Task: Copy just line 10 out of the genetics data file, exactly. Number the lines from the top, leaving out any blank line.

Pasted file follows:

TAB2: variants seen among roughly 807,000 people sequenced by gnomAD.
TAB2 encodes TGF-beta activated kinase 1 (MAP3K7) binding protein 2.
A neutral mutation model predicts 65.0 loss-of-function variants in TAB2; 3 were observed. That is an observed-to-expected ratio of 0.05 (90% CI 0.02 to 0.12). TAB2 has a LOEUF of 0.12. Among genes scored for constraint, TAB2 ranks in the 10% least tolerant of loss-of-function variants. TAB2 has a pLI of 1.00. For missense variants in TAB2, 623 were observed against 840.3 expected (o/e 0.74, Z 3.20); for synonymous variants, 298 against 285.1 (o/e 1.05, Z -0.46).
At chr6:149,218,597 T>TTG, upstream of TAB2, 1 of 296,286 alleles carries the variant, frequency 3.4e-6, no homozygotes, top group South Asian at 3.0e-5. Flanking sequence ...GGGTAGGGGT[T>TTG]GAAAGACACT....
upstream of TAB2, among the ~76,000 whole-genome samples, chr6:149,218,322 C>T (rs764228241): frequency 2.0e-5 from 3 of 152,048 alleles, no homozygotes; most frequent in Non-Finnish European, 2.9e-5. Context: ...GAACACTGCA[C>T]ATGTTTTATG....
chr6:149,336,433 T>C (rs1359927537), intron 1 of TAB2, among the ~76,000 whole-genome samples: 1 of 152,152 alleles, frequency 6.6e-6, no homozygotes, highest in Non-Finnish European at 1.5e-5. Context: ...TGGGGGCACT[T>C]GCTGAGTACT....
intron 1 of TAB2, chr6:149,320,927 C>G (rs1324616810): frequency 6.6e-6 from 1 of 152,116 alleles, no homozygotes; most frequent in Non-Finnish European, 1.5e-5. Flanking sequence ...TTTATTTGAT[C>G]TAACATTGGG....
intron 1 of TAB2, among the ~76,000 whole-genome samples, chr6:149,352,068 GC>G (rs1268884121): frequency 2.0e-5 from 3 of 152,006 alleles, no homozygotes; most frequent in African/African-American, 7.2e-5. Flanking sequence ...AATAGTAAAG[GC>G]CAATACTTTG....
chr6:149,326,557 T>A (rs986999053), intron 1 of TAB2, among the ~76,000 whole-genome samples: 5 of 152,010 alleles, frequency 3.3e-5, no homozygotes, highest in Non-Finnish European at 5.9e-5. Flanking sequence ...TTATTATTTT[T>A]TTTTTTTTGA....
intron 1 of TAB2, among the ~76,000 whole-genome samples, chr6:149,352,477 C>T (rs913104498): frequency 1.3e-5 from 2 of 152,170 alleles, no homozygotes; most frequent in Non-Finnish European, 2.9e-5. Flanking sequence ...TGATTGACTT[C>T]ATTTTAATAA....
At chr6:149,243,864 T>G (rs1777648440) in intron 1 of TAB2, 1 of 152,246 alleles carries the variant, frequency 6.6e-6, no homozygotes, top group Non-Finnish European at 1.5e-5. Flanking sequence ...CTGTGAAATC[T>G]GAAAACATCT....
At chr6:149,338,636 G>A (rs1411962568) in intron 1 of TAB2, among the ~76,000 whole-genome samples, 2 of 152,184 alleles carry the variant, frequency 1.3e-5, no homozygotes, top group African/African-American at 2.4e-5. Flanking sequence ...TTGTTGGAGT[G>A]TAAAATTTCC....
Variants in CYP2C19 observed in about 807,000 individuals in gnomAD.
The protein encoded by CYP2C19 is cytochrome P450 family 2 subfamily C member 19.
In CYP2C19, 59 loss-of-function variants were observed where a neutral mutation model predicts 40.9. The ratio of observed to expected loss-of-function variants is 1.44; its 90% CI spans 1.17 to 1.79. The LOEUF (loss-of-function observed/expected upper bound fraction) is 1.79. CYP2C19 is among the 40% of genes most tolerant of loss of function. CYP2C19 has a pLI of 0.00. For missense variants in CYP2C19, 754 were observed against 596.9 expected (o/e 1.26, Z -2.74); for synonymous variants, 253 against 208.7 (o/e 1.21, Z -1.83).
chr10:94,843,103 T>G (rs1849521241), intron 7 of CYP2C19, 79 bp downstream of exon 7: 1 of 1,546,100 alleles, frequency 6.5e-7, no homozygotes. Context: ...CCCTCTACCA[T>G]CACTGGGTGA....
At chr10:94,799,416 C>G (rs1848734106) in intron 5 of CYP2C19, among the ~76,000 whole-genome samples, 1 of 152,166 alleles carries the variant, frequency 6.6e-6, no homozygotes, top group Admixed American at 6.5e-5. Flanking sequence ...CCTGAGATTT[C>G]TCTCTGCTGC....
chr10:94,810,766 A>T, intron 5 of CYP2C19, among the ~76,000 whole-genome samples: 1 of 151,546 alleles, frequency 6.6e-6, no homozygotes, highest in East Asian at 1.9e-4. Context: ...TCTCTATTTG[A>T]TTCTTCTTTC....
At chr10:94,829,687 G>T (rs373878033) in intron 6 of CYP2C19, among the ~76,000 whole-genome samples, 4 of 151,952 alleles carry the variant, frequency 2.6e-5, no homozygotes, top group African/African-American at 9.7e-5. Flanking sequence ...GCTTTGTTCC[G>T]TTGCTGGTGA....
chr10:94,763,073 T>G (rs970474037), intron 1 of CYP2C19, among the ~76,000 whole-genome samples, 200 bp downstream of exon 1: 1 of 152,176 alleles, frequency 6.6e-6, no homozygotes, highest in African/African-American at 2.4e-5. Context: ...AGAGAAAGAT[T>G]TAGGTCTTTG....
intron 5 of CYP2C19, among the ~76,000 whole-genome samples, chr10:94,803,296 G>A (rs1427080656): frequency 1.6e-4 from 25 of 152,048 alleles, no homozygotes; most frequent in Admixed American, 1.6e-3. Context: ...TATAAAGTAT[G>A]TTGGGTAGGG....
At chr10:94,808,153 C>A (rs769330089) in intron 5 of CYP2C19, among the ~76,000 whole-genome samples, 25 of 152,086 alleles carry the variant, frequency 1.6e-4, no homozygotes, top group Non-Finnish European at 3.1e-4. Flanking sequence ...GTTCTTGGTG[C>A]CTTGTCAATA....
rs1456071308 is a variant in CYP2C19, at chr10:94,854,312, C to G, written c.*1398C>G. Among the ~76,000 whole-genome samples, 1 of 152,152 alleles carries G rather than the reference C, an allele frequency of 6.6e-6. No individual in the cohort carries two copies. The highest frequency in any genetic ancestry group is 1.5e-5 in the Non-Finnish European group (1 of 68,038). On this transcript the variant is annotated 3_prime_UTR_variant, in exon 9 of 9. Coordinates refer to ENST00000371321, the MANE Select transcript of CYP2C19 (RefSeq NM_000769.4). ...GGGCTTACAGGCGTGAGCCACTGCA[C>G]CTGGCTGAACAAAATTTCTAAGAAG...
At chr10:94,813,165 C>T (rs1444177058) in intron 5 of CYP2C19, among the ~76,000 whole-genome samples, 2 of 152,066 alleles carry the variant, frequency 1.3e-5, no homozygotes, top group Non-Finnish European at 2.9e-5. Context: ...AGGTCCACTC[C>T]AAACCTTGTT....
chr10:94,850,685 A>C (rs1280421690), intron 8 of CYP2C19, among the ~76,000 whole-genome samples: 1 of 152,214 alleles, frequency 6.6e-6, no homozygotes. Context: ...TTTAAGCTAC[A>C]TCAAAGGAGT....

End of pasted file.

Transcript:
intron 1 of TAB2, among the ~76,000 whole-genome samples, chr6:149,352,477 C>T (rs913104498): frequency 1.3e-5 from 2 of 152,170 alleles, no homozygotes; most frequent in Non-Finnish European, 2.9e-5. Flanking sequence ...TGATTGACTT[C>T]ATTTTAATAA....